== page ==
Namerology.com often focuses on the dramatic changes in US baby naming. But the name revolution doesn’t stop at the border.
When I wrote about the declining relevance of American top-10 name lists, reader Letterkenny asked:
“Has the percentage of children receiving a Top 10 or Top 100 name declined in the same way in other countries that publish their baby name stats, or is this a particularly American phenomenon?”
In answer, I’m swinging the spotlight to Austria. That country’s Federal Statistical Office now publishes an interactive “Atlas der Vornamen” exploring baby name popularity. You can graph a name’s popularity over time and see which regions of Austria use it most.
The Austrian statistics only go back to 1984, well after the kickoff of the modern naming era in the US. Even so, the change evident in the data is dramatic. I tallied the popularity of the Austrian top 10 from 1984 to today and found a familiar rapid shrinking with a vanishing gender gap.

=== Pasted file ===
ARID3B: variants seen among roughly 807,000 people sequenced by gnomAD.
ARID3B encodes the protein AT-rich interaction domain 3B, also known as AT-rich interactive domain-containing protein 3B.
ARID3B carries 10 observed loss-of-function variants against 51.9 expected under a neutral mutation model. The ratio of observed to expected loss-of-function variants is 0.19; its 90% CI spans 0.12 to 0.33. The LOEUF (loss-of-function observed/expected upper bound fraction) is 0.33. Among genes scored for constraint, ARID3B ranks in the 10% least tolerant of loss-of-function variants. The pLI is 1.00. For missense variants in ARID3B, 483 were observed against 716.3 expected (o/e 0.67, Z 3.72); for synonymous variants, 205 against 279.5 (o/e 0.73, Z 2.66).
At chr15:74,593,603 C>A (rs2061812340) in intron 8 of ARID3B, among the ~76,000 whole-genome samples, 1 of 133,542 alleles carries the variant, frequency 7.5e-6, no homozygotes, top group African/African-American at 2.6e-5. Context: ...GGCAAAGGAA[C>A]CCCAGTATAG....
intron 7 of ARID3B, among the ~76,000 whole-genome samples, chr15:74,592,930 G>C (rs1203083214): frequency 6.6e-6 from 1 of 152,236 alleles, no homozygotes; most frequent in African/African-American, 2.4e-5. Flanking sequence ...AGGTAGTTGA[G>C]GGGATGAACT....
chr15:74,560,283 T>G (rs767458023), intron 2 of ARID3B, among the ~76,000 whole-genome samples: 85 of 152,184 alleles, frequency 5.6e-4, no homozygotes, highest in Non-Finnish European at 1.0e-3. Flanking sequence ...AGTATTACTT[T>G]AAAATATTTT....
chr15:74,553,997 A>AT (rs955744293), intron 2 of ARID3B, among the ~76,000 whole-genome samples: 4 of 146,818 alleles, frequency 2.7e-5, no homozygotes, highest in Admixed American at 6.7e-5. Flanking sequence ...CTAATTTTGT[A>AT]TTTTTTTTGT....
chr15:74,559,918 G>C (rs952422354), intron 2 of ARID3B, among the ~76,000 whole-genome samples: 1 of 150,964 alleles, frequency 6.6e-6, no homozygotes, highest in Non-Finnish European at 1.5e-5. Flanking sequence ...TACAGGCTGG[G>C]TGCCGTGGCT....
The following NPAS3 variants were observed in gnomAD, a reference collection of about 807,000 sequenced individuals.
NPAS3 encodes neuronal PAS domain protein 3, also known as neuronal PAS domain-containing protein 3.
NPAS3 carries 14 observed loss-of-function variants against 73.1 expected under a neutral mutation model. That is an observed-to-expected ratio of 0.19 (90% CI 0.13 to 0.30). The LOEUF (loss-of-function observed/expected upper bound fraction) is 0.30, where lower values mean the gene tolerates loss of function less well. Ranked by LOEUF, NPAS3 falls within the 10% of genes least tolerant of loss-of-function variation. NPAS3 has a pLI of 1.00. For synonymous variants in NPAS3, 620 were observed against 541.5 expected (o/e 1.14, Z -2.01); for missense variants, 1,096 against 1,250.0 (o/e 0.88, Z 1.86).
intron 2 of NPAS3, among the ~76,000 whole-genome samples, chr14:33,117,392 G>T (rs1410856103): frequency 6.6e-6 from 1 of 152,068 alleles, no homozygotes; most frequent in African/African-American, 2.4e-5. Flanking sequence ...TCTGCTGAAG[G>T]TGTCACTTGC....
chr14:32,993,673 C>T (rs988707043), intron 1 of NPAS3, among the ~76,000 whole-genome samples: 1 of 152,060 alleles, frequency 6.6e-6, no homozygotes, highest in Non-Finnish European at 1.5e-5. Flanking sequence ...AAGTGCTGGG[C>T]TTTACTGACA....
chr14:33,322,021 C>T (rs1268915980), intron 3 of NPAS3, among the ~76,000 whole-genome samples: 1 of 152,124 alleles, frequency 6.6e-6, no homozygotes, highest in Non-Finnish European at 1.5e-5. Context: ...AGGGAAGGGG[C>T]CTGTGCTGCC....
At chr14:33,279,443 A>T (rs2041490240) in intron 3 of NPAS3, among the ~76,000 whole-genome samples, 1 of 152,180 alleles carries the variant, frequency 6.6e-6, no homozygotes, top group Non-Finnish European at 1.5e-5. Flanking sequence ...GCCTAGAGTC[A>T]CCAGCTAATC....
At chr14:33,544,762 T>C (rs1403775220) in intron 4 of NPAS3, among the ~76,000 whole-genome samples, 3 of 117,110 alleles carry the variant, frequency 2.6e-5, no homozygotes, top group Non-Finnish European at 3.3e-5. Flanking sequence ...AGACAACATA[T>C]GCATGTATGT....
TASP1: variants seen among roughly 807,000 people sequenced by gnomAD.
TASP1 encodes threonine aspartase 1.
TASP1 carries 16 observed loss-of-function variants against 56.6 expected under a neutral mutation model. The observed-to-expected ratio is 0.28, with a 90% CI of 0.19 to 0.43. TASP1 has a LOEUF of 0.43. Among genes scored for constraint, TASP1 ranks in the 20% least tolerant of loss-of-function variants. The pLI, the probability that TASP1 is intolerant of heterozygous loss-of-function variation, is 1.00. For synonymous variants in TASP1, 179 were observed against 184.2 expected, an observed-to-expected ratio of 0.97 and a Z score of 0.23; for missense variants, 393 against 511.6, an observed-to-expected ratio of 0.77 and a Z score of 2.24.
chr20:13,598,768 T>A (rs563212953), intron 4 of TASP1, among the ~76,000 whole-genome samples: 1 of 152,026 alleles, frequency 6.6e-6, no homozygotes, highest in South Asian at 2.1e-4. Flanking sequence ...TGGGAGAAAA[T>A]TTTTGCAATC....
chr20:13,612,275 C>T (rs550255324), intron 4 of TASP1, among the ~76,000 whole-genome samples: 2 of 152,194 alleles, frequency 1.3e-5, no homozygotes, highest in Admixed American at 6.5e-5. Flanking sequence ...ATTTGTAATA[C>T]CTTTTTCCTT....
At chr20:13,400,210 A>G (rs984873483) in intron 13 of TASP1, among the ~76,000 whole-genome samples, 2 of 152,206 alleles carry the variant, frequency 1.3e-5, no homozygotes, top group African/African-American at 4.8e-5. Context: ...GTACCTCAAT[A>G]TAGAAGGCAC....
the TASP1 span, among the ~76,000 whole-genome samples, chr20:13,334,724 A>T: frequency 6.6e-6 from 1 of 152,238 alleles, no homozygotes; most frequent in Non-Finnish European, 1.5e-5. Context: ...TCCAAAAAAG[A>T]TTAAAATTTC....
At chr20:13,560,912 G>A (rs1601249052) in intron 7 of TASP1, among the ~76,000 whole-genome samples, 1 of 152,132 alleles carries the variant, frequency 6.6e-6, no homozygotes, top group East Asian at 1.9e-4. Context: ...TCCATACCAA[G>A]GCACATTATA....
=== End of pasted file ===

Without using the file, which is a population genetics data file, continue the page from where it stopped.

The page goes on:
The names at the top of the charts have changed in kind as well as frequency. Just like their American counterparts, Austrian parents have moved away from consonant-dense local classics and toward lighter international choices, notably Old Testament Bible names. Compare the style of Austria’s current top 10 boys’ names to a more classic top 10: the names of Viennese schoolchildren in 1900 as reported by Knud Bielefeld.
The exact shape of the name revolution varies from place to place. Language, religion, and laws restricting name choices all play a part. But the fundamental shifts—toward seeing names as statements of fashion and personality, and wanting your children’s names to stand out—are sweeping the globe.